Online learning: things I have learnt that are not directly related to my job

September 7, 2011

Over my summer break I pondered upon how much learning I have done online. I’m not talking about learning relevant to my job (but I have learnt a lot online which has helped me in my job), but about learning not directly related to my job. The fixed wheel bicycle conversion I posted about a couple of days ago was possible through what I had learnt online. I bought most of the parts online. I read fixed wheel websites and forums to find out what I needed to do. Whenever I had questions or difficulties I found that other people had had these same experiences and had posted about them. I doubt that I could have achieved this in the pre-internet era. Moreover it was Sheldon Brown’s website that first got me interested in the idea of riding fixed in the first place.

I also look online when it comes to home DIY projects.  I wanted to know how long I should wait before applying paint to the new plaster in my hallway. My plasterer said a few days. Online the answers varied from a few hours to about six months. And then there was the question of preparing the wall prior to painting. My plasterer said to use a cheap white emulsion with about 10% water. Online some said you could use 50% water. Others said to use PVA. The emulsion people angrily responded that this is the last thing you should do. It’s unsurprising that there are differing opinions out there, but the passion with which opinions of how to prepare a newly plastered wall are held astonishes me. For the record I went to my plaster’s advice and it seems to have turned out ok. This case is different to the fixed wheel conversion in that in the pre-internet era I would have just done as the plasterer said the first place. Online learning offers the access to doubt as much as it offers the possibility of answers.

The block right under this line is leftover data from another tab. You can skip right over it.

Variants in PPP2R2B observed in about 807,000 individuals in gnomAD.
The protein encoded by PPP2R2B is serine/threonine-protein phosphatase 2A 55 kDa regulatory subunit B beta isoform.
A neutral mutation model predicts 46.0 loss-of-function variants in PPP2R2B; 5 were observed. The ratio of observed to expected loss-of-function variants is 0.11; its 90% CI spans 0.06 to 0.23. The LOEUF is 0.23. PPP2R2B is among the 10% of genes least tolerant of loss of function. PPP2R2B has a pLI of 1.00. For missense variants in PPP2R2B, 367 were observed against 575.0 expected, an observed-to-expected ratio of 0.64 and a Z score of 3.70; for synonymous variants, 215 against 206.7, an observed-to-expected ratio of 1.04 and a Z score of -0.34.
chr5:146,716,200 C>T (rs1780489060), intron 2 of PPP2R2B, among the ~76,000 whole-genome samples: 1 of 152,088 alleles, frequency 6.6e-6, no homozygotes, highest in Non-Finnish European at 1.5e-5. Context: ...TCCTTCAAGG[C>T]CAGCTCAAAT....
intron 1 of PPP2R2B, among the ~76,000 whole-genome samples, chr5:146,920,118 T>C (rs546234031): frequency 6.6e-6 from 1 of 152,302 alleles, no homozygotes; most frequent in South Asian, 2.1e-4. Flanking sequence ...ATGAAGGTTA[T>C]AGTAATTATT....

I know far more about computers than I ever planned to. But thanks to the internet I’ve been able to fix computer problems. I’ve even opened up the case to upgrade the memory. Similarly, when I couldn’t get the iplayer to work on my freesat dish, I spent much time looking online. Sometimes I don’t always find a solution to my problems, but to know that there were people out there with the same problems is some comfort.

Online learning:

  1. Makes me want to do things I didn’t even know about.
  2. Makes me want to check what I have learnt ‘face-to-face’.
  3. Offers a second or third opinion.
  4. Answers my questions successfully.
  5. Offers good advice.
  6. Offers bad advice.
  7. Helps me to doubt expert opinion.
  8. Gets me to buy stuff I need
  9. Gets me to buy stuff I might need
  10. Gets me to buy stuff I don’t need.

Update from LLAS Subject Centre: post August 2011 events

June 20, 2011

I’m pleased to report that LLAS activity post-July 2011 is shaping up nicely. Our first event of the new academic year will be one for Heads of Departments which will take place in mid-September.  We also have dates for our annual e-learning symposium and our annual new staff event. Dates for e-learning and research methods courses will be up on our website soon.

Thriving in the New World of Higher Education: a workshop for heads of department and leaders in languages, linguistics and area studies

Date: 14 September, 2011